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Environ Sci Technol. 2019 Sep 3;53(17):10177-10187. doi: 10.1021/acs.est.9b02739. Epub 2019 Aug 14.

Sunscreens as a New Source of Metals and Nutrients to Coastal Waters.

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Green Engineering and Resources Group (GER), Department of Chemistry and Process & Resource Engineering, ETSIIT , University of Cantabria , Av. Castros s/n , 39005 Santander , Cantabria , Spain.
Department of Ecology and Coastal Management , Institute of Marine Sciences of Andalusia, ICMAN (CSIC) , Campus Río San Pedro , 11510 Puerto Real, Cádiz , Spain.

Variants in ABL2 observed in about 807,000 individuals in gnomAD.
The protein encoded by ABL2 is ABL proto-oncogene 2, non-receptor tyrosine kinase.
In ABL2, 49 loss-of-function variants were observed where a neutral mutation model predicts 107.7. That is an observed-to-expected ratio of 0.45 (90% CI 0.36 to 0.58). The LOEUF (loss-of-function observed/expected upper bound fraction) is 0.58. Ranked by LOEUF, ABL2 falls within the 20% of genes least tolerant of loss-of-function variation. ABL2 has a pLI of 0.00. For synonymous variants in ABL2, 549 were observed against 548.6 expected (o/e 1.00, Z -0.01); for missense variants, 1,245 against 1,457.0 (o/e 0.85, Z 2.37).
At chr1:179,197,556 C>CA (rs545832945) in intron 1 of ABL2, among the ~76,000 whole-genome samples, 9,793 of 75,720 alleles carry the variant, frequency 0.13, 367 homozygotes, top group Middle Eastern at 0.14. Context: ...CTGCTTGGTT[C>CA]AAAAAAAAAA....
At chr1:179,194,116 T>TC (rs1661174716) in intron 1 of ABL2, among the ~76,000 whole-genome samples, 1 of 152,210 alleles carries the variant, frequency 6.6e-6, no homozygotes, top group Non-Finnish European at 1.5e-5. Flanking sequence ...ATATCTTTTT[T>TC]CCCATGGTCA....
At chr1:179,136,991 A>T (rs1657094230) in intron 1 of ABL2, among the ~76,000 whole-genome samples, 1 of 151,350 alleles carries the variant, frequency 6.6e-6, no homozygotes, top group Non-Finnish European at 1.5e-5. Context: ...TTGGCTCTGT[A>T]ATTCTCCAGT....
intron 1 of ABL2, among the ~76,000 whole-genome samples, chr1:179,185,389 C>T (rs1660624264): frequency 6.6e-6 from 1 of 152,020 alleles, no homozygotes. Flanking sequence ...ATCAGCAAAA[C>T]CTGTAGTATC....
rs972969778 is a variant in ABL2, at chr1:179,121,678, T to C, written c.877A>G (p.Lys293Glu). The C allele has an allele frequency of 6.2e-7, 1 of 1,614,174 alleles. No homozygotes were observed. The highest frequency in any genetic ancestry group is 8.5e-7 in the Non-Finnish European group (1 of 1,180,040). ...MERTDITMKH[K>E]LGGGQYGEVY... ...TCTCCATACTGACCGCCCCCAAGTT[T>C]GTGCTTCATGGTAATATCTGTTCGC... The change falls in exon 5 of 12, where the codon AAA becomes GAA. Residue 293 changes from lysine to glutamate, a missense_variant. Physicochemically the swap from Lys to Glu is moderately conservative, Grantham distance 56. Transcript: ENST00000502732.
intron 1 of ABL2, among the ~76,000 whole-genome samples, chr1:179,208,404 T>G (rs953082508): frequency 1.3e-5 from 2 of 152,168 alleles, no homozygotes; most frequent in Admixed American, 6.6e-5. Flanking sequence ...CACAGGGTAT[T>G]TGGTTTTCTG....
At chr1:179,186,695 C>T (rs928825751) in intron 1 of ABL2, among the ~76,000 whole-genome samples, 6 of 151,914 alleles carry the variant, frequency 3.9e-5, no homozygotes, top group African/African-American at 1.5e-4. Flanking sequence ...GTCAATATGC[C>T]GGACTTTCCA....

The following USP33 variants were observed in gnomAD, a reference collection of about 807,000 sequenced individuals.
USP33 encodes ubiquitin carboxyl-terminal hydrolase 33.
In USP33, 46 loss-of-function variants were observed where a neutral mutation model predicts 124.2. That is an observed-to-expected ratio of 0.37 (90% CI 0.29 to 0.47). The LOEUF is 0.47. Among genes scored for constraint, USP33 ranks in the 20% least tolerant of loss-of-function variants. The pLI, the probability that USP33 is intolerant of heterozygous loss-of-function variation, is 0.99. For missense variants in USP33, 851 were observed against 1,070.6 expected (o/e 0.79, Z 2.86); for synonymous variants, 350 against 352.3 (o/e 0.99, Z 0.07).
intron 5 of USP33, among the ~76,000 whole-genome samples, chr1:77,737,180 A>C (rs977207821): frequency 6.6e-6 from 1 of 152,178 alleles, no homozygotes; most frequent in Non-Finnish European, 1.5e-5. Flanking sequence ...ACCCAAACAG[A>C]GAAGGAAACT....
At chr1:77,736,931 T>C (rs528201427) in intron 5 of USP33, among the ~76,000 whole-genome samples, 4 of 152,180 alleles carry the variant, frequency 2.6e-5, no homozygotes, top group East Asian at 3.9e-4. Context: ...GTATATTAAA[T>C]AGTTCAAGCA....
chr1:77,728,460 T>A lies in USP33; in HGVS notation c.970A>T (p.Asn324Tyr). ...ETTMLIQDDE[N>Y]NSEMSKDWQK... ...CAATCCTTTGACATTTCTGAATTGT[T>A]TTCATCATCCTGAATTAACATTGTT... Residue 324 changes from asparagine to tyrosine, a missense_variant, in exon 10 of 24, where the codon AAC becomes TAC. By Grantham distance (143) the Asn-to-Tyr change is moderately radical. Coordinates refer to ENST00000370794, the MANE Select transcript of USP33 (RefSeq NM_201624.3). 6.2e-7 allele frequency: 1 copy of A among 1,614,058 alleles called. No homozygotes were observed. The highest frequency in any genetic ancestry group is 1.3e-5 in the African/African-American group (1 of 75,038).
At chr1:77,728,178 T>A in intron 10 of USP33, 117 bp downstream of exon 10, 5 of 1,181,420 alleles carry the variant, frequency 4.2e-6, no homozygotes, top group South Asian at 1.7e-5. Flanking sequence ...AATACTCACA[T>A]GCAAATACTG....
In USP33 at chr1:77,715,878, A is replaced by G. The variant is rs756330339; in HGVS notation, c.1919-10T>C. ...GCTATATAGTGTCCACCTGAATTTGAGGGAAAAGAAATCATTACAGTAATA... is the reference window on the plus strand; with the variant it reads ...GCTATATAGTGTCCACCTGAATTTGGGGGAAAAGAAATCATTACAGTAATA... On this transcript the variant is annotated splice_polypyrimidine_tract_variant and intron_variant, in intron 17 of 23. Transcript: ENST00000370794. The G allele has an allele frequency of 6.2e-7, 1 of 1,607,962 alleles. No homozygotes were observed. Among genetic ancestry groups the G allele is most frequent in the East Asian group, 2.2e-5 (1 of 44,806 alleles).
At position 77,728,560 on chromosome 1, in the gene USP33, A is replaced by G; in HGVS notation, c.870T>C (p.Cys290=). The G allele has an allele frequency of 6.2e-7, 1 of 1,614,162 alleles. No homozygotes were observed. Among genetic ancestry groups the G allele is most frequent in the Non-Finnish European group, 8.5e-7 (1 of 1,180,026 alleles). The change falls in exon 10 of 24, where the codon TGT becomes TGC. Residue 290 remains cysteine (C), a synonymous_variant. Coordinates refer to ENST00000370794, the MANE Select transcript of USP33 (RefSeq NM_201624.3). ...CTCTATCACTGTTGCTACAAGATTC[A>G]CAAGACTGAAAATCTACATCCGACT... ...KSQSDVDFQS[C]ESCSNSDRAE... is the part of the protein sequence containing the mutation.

Studies detailing the environmental impact of sunscreen products on coastal ecosystems are considered a high priority. In the present study, we have determined the release rate of dissolved trace metals (Al, Cd, Cu, Co, Mn, Mo, Ni, Pb, and Ti) and inorganic nutrients (SiO2, P-PO43-, and N-NO3-) from a commercial sunscreen in seawater, and the role of UV radiation in the mobilization of these compounds. Our results indicate that release rates are higher under UV light conditions for all compounds and trace metals except Pb. We have developed a kinetic model to establish the release pattern and the contribution to marine coastal waters of dissolved trace metals and inorganic nutrients from sunscreen products. We conservatively estimate that sunscreen from bathers is responsible for an increase of dissolved metals and nutrients ranging from 7.54 × 10-4 % for Ni up to 19.8% for Ti. Our results demonstrate that sunscreen products are a significant source of metals and inorganic nutrients to coastal waters. The normally low environmental concentrations of some elements (e.g., P) and the toxicity of others (e.g., Pb) could be having a serious adverse effect on marine ecology in the Mediterranean Sea. This risk must not be ignored.


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